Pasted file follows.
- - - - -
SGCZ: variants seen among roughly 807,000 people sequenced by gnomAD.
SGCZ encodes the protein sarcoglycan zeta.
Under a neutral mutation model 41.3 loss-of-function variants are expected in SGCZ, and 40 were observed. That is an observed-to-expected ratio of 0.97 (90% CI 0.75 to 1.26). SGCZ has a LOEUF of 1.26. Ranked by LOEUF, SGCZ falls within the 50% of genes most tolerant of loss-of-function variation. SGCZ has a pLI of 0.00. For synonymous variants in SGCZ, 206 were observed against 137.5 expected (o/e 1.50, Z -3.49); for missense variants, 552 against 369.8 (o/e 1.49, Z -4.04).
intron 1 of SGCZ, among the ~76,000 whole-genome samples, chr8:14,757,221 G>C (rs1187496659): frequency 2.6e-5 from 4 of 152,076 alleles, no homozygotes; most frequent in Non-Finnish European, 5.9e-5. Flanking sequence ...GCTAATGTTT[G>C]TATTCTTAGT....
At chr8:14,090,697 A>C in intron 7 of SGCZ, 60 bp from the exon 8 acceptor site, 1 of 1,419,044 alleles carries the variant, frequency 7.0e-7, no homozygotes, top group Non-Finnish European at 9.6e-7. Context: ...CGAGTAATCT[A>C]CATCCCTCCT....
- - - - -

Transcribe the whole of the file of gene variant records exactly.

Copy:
SGCZ: variants seen among roughly 807,000 people sequenced by gnomAD.
SGCZ encodes the protein sarcoglycan zeta.
Under a neutral mutation model 41.3 loss-of-function variants are expected in SGCZ, and 40 were observed. That is an observed-to-expected ratio of 0.97 (90% CI 0.75 to 1.26). SGCZ has a LOEUF of 1.26. Ranked by LOEUF, SGCZ falls within the 50% of genes most tolerant of loss-of-function variation. SGCZ has a pLI of 0.00. For synonymous variants in SGCZ, 206 were observed against 137.5 expected (o/e 1.50, Z -3.49); for missense variants, 552 against 369.8 (o/e 1.49, Z -4.04).
intron 1 of SGCZ, among the ~76,000 whole-genome samples, chr8:14,757,221 G>C (rs1187496659): frequency 2.6e-5 from 4 of 152,076 alleles, no homozygotes; most frequent in Non-Finnish European, 5.9e-5. Flanking sequence ...GCTAATGTTT[G>C]TATTCTTAGT....
At chr8:14,090,697 A>C in intron 7 of SGCZ, 60 bp from the exon 8 acceptor site, 1 of 1,419,044 alleles carries the variant, frequency 7.0e-7, no homozygotes, top group Non-Finnish European at 9.6e-7. Context: ...CGAGTAATCT[A>C]CATCCCTCCT....